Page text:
Observation of Shocklets in Action
I coined the term shocklet here to describe the statistically averaged production response to an oil discovery. This building block kernel allows one to deconstruct the macroscopic aggregation of all production responses into a representative sample for a single field. In other words, it essentially works backwards from the macroscopic to an equivalent expected value picture of the isolated microscopic case. As an analogy, it serves the same purpose of quantifying the expected miles traveled for the average person per day from the cumulative miles traveled for everyone in a larger population.
In that respect the shocklet formulation adds nothing fundamentally new to the Dispersive Discovery (DD)/Oil Shock model foundation, but does provide extra insight and perspective, and perhaps some flexibility into how and where to apply the model. And anything to unify with what Khebab has investigated, ala loglets, can't hurt.
Khebab pointed me to this article by B.Michel and noticed a resemblance to the basic shocklet curve:
Oil Production: A probabilistic model of the Hubbert curve
I did see this paper earlier in relation to the shocklet post and the referenced Stark/Bentley entry at TOD. Stark had basically taken a triangular heuristic as a kernel function to explain Dudley's simple model and made mention of the Michel paper to relate the two. Stark essentially rediscovered the idea of convolution without labeling it as such. I made notice of this at the time:
[-] WebHubbleTelescope on August 7, 2008 - 6:12pmMichel went a bit further and although had some insightful things to say, I thought he took a wrong and misguided path by focusing on distribution of field sizes. In general, certain sections of the paper seemed to exist in an incorrectly premised mirror universe of what I view as the valid model. I will get to that in a moment. More importantly, Khebab reminded me that Michel did generate very useful data reductions from the North Sea numbers. In particular, Figure 14 in Michel's paper contained a spline fit to the aggregate of all the individual production curves, normalized to fit the production peak rate and field size (i.e. final cumulative production) into an empirically established kernel function. The red curve below traces the spline fit generated by Michel.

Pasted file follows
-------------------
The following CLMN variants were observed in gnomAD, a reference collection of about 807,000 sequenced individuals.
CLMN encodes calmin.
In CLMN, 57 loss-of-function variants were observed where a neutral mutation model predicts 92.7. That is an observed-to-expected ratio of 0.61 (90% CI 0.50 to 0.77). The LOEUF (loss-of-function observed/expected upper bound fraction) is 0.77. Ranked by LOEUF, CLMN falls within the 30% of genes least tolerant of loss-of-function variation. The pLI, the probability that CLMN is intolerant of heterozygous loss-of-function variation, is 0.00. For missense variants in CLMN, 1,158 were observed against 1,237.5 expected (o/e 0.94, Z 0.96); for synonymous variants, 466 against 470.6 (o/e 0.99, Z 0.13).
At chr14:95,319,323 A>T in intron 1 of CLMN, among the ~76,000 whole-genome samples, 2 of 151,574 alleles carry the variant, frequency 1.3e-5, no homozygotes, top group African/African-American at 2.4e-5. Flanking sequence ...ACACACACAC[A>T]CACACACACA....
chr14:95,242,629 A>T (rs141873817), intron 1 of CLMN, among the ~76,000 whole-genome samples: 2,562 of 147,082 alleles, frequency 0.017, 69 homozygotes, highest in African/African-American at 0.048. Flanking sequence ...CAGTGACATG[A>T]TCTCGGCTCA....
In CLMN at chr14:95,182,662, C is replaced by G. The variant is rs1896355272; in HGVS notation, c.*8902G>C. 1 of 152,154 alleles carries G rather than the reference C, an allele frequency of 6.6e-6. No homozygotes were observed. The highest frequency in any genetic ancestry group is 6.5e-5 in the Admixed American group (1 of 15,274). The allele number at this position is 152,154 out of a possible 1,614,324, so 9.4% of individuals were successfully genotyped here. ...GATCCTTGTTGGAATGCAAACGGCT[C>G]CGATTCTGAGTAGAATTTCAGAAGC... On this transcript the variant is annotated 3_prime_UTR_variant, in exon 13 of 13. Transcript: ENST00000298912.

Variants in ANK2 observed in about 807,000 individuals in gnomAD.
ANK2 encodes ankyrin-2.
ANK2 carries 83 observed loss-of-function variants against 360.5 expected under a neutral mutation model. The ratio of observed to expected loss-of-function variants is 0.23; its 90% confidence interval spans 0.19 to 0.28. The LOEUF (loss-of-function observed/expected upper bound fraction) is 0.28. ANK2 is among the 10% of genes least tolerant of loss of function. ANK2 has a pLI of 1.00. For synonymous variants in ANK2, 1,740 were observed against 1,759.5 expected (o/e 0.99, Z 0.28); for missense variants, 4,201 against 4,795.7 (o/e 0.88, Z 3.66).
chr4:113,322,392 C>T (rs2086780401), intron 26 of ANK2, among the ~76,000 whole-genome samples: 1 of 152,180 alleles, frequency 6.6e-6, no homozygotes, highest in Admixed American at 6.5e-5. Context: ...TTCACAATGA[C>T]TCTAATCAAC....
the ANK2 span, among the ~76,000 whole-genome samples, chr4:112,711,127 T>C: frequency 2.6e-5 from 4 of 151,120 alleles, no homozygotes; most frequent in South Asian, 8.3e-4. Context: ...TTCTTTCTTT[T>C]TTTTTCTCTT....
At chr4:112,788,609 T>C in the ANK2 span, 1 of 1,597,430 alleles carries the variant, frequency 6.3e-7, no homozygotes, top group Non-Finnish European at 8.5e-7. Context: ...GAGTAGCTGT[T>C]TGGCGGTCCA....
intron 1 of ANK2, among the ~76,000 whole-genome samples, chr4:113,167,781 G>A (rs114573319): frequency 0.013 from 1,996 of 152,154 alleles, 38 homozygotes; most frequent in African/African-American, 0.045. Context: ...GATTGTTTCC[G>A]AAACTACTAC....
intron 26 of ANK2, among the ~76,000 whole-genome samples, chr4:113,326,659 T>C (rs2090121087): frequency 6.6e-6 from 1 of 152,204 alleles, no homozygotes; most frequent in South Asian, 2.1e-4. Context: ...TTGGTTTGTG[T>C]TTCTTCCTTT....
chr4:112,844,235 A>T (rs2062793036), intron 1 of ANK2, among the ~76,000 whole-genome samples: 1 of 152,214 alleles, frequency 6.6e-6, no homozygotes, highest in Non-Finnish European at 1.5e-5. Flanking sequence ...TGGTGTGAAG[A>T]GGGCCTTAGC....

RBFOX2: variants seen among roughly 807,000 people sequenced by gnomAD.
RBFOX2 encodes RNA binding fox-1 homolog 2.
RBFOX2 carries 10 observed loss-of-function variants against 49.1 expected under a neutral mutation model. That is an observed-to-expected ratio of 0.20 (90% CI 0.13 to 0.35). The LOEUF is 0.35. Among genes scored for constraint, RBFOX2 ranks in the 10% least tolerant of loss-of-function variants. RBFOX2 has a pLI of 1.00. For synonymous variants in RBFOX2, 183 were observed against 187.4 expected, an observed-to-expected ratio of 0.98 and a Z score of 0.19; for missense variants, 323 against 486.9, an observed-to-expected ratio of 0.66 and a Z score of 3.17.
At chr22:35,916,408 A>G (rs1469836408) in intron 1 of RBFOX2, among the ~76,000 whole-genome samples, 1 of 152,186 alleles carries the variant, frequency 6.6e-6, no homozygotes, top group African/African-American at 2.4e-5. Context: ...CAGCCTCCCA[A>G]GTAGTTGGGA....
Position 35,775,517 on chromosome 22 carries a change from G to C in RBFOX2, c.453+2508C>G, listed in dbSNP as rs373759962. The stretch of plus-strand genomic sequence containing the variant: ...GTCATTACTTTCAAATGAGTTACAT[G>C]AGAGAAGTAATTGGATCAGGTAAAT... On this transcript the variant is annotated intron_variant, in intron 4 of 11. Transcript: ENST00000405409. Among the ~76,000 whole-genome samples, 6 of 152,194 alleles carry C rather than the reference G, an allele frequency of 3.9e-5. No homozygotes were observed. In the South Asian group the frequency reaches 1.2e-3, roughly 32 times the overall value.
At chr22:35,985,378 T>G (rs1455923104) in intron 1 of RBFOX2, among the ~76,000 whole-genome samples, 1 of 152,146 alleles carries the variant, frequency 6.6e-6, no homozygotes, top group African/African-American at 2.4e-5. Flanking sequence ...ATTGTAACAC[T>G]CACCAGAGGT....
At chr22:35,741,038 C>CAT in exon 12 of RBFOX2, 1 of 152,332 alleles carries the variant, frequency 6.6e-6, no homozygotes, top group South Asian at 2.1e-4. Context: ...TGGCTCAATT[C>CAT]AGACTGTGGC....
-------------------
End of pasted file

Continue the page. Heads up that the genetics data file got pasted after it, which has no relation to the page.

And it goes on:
Khebab, I always think of the simplest explanation for a 2nd order Gamma is an exponential damped maturation/reserve growth fuction convolved with a expontial damped extraction function, ala the oil shock model.[-] Nate Hagens on August 7, 2008 - 6:48pm
I tend to agree. This will likely be the topic of our next TOD press release.[-] Euan Mearns on August 8, 2008 - 2:59am
If we're gonna do a press release I'd like to check the math before it goes out.[-] Nate Hagens on August 8, 2008 - 4:37pm
Deal. As long as I check the spelling.[-] Khebab on August 7, 2008 - 8:51pm
I agree, it's an elegant and concise solution which has many interpretations.
The green curve represents the shocklet assuming a "seam" dispersive discovery profile convolved with a characteristic damped exponential extraction rate. As one of the key features of the shocklet curve, the initial convex upward cusp indicates an average transient delay in hitting the seam depth. You can also see this in the following figure below; in which I scanned and digitized the data from Michel's chart and ran a naive histogram averager on the results. Unfortunately, the clump of data points near the origin did not get sufficient weighting, and so the upward inflecting cusp doesn't look as strong as it should (but more so than the moving average spline indicates, which is a drawback of the spline method). The histogram also clearly shows the noisy parts of the curve, which occur predominantly in the tail.
I believe this provides an important substantiation of the DD shocklet kernel. The values for the two shocklet model parameters consist of the average time it takes to reach a seam depth and the average proportional extraction rate. Extrapolating from the normalized curve and using the scaling from Michel's figure 13, these give a value of 3.4 years for the seam DD characteristic time and 2 years for the extraction rate time constant (I assumed that Michel's Tau variable scales as approximately 20 years to one dimensionless unit according to Fig.13). Note that the extraction rate of 50%/year looks much steeper than the depletion rate of between 10% and 20% quoted elsewhere because the convolution of of dispersive discovery reserve growth does not compensate for the pure extraction rate; i.e. depletion rate does not equal extraction rate. As an aside, until we collectively understand this distinction we run the risk of misinterpreting how fast resources get depleted, much like someone who thinks that they have a good interest-bearing account without taking into account the compensating inflationary pressure on their savings.